Sporting bosses who betray fans and fair play
Anyone with a few cells of sporting spirit in their body feel them tingling with rage at how Melbourne Storm officials conducted themselves in breaching the salary cap by an obscene $3.17 million.
When the Storm was steamrolling teams week after week in the NRL, it wasn’t just because they had good players, or were well coached. It was because they were being run by a small group of cheats with no respect for the simple principle of fair play.
This group of five managers identified at the centre of the rort indulged the worst of the morally bankrupt philosophy of winning at any cost that is increasingly a feature of professional sports, not just NRL.
Being stripped of two premierships and playing for essentially nothing this season has been a terrible penalty for the Storm’s players and fans to suffer.
But that this penalty was the subject of a legal challenge by the club’s independent directors, who have now been removed from the board, was astounding.
What is so hard to understand about the necessity of harsh punishment for what went on?
The premierships were stripped when the full extent to which the club had been giving fair play the middle finger was not yet known. Today’s revelations, which you can read about in detail here, underline the hubris of the board’s protesting faction.
It has emerged managers at the club engaged in a $3.2 million up-yours to the fans who enjoy the game and to players in other clubs who had to run out against the Storm’s formidable line-up. The club was on track to breach the salary cap by over $1 million next year.
Five people were named in the report as being involved: Brian Waldron and Matt Hanson, former chief financial officer Paul Gregory, former recruiter Peter O’Sullivan and another former financial official, Cameron Vale.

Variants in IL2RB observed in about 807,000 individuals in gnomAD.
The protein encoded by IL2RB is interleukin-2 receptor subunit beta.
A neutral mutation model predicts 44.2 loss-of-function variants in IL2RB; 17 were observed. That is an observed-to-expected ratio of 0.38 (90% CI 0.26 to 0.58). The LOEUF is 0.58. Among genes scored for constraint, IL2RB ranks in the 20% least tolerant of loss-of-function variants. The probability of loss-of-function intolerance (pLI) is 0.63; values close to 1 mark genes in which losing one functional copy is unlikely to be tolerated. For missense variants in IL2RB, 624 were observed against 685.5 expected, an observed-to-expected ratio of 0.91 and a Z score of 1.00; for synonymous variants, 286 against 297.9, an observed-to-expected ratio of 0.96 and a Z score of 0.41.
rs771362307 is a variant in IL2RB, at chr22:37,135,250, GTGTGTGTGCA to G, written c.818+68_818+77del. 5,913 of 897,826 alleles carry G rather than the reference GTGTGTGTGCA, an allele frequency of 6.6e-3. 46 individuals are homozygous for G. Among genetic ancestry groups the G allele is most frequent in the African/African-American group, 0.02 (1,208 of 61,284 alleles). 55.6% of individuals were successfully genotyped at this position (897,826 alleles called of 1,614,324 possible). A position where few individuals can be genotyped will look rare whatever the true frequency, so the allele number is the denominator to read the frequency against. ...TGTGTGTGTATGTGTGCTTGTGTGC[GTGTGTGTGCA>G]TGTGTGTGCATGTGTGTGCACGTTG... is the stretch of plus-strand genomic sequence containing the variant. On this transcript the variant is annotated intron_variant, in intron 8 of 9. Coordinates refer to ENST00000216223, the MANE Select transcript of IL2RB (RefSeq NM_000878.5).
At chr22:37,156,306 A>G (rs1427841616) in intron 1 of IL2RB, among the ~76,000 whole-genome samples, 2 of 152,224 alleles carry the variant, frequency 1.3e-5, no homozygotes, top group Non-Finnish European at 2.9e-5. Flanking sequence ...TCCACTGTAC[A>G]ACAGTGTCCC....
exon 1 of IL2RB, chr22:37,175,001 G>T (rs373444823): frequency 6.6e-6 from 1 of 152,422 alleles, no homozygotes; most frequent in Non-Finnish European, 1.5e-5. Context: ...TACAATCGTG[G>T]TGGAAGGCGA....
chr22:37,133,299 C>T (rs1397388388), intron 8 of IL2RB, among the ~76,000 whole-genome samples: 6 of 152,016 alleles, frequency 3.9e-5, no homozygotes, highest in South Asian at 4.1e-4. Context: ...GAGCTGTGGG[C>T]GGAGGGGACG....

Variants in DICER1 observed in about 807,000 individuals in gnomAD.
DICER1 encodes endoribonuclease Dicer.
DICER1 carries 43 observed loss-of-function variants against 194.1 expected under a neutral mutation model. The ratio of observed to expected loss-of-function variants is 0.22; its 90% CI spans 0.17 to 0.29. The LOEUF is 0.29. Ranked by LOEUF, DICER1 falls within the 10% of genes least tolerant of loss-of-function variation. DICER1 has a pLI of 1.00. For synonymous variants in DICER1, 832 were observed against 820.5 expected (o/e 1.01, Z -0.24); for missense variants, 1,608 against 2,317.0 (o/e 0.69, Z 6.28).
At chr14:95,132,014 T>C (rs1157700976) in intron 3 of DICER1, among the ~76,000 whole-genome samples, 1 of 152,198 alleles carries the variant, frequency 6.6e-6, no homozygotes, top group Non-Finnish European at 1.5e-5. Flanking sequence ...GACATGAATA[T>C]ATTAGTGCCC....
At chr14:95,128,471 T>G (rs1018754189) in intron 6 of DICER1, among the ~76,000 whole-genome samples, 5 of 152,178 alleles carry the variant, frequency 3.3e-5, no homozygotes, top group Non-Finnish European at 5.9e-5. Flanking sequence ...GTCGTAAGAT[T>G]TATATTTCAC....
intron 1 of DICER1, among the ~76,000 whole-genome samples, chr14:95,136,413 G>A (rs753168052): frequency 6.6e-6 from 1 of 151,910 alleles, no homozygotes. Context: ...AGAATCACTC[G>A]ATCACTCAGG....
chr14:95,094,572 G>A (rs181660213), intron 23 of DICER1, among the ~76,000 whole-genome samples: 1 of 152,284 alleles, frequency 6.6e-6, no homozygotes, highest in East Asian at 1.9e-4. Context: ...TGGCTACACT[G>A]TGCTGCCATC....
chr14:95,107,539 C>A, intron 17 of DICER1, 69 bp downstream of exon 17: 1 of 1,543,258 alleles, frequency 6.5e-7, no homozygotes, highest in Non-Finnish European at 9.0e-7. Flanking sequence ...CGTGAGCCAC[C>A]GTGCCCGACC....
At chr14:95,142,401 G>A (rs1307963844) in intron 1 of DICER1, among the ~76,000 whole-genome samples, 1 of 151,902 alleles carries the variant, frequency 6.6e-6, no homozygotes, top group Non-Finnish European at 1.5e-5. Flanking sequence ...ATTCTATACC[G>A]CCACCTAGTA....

How telling is it that only one of these men – Vale – agreed to be interviewed?
The independent directors, Dr Rob Moodie, Petra Fawcett, Peter Maher and Gerry Ryan, were removed from the board this morning by the Storm’s owner, News Ltd (which also owns The Punch).
The under-the-counter payments were a breathtaking breach of the faith that the club’s supporters bestowed on these people. But for anyone who enjoys a good contest in any code, it underlined that people who run some clubs see fairness and a level playing field as somehow quaint notions in this age of sporting celebrity, multi-million-dollar sponsorships, TV rights and ratings successes.
Israel Folau defects to AFL but gets picked by Queensland selectors in a panic about the Origin series.
Lote Tuqiri – an unquestionable talent – gets hired by Wests Tigers after leaving rugby union under a cloud.
The AFL openly talks about how players jack themselves up on caffeine before a game and use sleeping pills to come down after a match. A trip to intensive care by Ben Cousins, who has a known history of substance abuse problems, is dismissed as a silly mistake. Queue soothing noises from doctors about “looking into” how players use cocktails of uppers and downers on game day.
You cannot look at the peloton on the Tour de France without wondering how many of them haven’t been taking something illegal.
Wanting to win is natural but the behaviour of administrators and managers in many sports too often conflicts with basic notions of fair play.
Sports fans who hand over their cash for membership and merchandise, dutifully tune in to the matches on TV, idolise players and hold them up as role models for their kids have a right to expect their club will be run decently and in the right spirit.
Today is another day of shame for the management of the Melbourne Storm. But sports fans everywhere will be dismayed, not just by the obscenity of what happened but by the niggling suspicion that the culture of disregard for simple sporting ethics is not isolated to officials at that club. Fans want - and are entitled to expect - better.
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